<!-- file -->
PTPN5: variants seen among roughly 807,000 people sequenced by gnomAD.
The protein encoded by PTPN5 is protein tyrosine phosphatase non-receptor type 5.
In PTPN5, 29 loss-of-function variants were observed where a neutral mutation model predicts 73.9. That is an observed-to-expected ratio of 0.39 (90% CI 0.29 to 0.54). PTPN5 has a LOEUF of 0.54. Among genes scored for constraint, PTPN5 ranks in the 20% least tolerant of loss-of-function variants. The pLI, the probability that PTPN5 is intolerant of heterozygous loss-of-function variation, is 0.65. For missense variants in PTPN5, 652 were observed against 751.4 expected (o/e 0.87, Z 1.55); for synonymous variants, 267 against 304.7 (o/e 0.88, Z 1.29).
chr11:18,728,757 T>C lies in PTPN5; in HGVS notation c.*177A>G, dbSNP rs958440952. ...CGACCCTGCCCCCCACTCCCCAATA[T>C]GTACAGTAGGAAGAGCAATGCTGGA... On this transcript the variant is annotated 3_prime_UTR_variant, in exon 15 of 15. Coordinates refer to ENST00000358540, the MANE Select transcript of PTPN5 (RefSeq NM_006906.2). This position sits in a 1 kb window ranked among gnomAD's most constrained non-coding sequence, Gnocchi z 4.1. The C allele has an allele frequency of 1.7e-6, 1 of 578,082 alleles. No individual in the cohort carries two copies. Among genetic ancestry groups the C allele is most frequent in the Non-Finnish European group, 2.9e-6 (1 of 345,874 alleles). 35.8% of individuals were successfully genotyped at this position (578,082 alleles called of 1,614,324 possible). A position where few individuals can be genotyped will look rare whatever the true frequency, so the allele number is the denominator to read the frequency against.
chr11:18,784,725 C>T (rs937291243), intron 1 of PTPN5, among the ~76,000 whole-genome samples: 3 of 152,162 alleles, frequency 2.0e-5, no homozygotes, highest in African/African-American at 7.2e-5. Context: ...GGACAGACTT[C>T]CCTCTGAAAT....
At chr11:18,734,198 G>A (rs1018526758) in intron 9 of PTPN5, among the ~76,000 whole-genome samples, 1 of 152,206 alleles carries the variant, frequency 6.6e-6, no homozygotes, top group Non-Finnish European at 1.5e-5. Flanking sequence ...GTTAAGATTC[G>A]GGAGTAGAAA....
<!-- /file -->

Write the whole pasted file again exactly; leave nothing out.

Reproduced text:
PTPN5: variants seen among roughly 807,000 people sequenced by gnomAD.
The protein encoded by PTPN5 is protein tyrosine phosphatase non-receptor type 5.
In PTPN5, 29 loss-of-function variants were observed where a neutral mutation model predicts 73.9. That is an observed-to-expected ratio of 0.39 (90% CI 0.29 to 0.54). PTPN5 has a LOEUF of 0.54. Among genes scored for constraint, PTPN5 ranks in the 20% least tolerant of loss-of-function variants. The pLI, the probability that PTPN5 is intolerant of heterozygous loss-of-function variation, is 0.65. For missense variants in PTPN5, 652 were observed against 751.4 expected (o/e 0.87, Z 1.55); for synonymous variants, 267 against 304.7 (o/e 0.88, Z 1.29).
chr11:18,728,757 T>C lies in PTPN5; in HGVS notation c.*177A>G, dbSNP rs958440952. ...CGACCCTGCCCCCCACTCCCCAATA[T>C]GTACAGTAGGAAGAGCAATGCTGGA... On this transcript the variant is annotated 3_prime_UTR_variant, in exon 15 of 15. Coordinates refer to ENST00000358540, the MANE Select transcript of PTPN5 (RefSeq NM_006906.2). This position sits in a 1 kb window ranked among gnomAD's most constrained non-coding sequence, Gnocchi z 4.1. The C allele has an allele frequency of 1.7e-6, 1 of 578,082 alleles. No individual in the cohort carries two copies. Among genetic ancestry groups the C allele is most frequent in the Non-Finnish European group, 2.9e-6 (1 of 345,874 alleles). 35.8% of individuals were successfully genotyped at this position (578,082 alleles called of 1,614,324 possible). A position where few individuals can be genotyped will look rare whatever the true frequency, so the allele number is the denominator to read the frequency against.
chr11:18,784,725 C>T (rs937291243), intron 1 of PTPN5, among the ~76,000 whole-genome samples: 3 of 152,162 alleles, frequency 2.0e-5, no homozygotes, highest in African/African-American at 7.2e-5. Context: ...GGACAGACTT[C>T]CCTCTGAAAT....
At chr11:18,734,198 G>A (rs1018526758) in intron 9 of PTPN5, among the ~76,000 whole-genome samples, 1 of 152,206 alleles carries the variant, frequency 6.6e-6, no homozygotes, top group Non-Finnish European at 1.5e-5. Flanking sequence ...GTTAAGATTC[G>A]GGAGTAGAAA....